Chicago is the most corrupt city, and Illinois the third-most corrupt state, in the nation, according to a recent report by the University of Illinois at Chicago. But corruption in Illinois is more than a buzzword. It comes with social and economic costs. Not only does corruption lessen residents’ faith in the government, it decreases...View Report
“Revolving door” laws are intended to stop state lawmakers from getting private jobs after granting political favors. Illinois is one of the few states that does little to curb the practice.
Tackling Illinois corruption isn’t just a moral imperative. It’s a financial necessity.
The former deputy majority leader resigned his House seat two days prior to being sworn into the 101st General Assembly. A Springfield lobbying firm hired him.
In an effort to close a $7.4 million shortfall, the city of Evanston’s proposed budget for the coming fiscal year includes police and fire cuts along with a string of tax hikes – highlighting the need to trim government waste and push for structural reform in Springfield.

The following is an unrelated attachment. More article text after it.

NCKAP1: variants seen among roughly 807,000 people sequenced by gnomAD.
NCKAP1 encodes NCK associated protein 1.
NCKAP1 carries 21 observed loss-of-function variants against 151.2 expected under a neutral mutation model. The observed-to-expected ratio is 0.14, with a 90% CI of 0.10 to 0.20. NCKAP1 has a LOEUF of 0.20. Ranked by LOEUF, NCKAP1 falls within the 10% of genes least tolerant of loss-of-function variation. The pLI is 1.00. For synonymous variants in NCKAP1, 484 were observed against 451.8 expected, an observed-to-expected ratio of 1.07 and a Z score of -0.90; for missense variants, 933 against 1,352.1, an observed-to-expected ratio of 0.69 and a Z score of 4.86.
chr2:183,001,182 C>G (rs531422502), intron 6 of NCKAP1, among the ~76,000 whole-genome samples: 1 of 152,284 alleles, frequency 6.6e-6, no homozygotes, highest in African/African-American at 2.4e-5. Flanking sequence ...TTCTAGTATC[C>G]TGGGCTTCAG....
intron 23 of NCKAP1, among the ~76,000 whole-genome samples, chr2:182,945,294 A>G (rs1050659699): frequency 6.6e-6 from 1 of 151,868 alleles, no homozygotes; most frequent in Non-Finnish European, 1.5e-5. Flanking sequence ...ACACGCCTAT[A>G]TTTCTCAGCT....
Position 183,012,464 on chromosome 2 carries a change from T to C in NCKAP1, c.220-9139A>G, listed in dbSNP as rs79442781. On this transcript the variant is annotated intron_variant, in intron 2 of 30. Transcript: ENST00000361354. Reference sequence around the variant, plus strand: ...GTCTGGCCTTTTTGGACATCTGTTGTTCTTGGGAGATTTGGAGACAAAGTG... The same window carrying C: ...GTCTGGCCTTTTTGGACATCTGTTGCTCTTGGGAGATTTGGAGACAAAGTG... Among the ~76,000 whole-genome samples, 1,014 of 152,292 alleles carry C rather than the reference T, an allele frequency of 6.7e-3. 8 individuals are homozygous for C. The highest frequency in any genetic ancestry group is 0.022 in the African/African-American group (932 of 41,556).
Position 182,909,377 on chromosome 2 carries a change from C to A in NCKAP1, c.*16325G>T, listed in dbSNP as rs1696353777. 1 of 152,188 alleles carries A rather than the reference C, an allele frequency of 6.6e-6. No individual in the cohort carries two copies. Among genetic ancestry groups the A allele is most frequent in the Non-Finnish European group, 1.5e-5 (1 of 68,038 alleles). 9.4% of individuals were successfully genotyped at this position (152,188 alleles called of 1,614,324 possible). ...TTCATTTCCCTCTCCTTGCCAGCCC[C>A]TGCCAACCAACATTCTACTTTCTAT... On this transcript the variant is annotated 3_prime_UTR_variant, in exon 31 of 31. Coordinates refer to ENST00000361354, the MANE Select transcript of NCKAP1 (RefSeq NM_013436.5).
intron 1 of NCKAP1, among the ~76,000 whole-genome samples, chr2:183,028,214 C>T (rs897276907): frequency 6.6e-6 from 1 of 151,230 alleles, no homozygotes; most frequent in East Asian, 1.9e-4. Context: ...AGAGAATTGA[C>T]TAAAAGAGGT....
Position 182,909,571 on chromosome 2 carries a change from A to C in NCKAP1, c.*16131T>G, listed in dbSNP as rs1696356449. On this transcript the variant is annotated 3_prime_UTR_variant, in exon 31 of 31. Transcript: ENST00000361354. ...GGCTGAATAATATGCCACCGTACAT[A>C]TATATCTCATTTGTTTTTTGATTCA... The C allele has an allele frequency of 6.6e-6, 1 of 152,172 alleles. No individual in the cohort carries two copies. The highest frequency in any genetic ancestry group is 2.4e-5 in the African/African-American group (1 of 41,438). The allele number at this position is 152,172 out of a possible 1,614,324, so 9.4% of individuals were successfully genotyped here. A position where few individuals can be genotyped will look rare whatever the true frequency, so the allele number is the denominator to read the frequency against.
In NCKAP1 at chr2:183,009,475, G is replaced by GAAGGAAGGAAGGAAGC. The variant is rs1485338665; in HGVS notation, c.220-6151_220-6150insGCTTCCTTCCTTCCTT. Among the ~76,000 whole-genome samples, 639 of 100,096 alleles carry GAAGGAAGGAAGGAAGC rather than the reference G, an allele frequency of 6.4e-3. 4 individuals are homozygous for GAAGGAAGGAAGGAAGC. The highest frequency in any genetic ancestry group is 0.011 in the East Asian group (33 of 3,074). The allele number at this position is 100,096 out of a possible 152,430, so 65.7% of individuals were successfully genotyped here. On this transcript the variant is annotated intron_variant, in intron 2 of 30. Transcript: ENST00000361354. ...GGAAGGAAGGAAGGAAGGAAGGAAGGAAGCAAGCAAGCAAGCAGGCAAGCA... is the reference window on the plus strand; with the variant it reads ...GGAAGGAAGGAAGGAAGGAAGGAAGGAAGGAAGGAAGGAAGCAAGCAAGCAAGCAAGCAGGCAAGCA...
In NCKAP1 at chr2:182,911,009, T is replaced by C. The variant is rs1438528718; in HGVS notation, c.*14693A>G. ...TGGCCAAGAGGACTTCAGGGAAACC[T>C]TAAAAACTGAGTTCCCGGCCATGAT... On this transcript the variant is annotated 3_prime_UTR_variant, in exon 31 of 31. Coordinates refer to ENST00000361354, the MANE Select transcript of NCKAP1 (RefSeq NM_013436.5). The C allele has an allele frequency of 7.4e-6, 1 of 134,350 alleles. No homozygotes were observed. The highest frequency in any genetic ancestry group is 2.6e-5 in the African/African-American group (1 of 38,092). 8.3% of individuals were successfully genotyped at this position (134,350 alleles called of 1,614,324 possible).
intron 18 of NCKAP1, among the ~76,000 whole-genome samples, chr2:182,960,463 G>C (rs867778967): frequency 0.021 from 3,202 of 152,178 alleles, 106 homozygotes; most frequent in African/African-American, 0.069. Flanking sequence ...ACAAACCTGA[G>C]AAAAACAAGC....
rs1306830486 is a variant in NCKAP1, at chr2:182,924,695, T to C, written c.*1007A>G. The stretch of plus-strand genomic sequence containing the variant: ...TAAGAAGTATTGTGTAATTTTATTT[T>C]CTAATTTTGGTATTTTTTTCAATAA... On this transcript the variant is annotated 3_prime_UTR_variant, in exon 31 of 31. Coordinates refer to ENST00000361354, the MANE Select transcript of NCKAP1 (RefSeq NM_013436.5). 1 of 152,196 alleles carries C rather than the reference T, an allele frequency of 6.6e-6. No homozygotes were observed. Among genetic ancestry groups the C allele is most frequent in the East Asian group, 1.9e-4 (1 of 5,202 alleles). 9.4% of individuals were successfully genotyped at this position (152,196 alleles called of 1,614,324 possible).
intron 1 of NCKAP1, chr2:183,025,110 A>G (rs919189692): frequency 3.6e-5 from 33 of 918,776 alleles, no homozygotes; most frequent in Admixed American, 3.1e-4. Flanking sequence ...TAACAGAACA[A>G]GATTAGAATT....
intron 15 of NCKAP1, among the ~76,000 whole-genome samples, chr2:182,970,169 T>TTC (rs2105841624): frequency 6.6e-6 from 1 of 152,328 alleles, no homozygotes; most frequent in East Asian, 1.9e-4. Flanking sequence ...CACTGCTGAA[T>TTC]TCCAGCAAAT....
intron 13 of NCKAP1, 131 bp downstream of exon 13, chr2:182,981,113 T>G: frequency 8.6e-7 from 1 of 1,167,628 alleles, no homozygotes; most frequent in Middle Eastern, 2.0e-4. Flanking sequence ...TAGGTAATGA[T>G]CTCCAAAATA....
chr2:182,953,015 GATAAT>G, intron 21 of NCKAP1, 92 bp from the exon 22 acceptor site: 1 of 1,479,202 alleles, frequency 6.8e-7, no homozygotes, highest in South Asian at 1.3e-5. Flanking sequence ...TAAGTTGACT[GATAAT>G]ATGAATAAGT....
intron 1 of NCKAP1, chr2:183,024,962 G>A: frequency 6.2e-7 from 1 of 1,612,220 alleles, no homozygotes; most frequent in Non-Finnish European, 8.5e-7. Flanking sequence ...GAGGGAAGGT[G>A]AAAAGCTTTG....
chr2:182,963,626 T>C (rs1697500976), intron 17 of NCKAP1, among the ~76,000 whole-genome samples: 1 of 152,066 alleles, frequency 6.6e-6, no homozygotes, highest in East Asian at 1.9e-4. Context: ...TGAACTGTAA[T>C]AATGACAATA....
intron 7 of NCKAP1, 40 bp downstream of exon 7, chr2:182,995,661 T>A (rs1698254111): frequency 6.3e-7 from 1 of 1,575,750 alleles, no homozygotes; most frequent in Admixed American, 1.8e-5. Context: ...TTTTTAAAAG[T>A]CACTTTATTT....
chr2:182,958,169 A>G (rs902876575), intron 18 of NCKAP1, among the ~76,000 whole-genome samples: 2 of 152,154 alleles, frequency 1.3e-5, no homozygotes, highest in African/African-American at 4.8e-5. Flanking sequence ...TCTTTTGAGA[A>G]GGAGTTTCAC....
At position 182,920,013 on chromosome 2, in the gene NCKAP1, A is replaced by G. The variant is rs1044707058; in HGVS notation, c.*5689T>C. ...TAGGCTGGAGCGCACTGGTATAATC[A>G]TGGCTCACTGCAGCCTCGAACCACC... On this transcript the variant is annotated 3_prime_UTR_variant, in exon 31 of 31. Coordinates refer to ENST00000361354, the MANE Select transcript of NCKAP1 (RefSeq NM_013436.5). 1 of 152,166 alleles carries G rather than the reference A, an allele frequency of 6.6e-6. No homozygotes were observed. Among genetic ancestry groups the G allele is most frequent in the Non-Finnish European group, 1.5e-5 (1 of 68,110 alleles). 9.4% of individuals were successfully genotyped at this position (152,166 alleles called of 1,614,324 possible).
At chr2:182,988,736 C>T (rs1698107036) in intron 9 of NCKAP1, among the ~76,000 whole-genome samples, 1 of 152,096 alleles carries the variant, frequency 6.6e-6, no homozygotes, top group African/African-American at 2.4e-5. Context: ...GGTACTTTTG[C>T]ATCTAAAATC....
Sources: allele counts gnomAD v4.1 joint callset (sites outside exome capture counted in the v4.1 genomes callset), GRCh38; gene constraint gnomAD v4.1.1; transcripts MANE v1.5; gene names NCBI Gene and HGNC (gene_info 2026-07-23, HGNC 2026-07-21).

Government workers’ union dues are passed on to state and national affiliates, which spend millions of dollars on political activities and lobbying every year.
Residents are seeing property tax dollars flow toward lobbying for policies that increase homeowners’ property tax bills.
Efforts to add an Amtrak train stop in Lake Forest have been plagued by a series of setbacks for a project now estimated to cost more than $13.4 million.
Countywide elected officials would be barred from working as registered lobbyists or owning a lobbying firm under a new bill in the General Assembly.
An independent investigation found nearly $200,000 went toward lobbying the state and federal government for an Amtrak train stop - funds that were spent behind the back of city lawmakers and taxpayers.
No Americans trust their state government less than Illinoisans.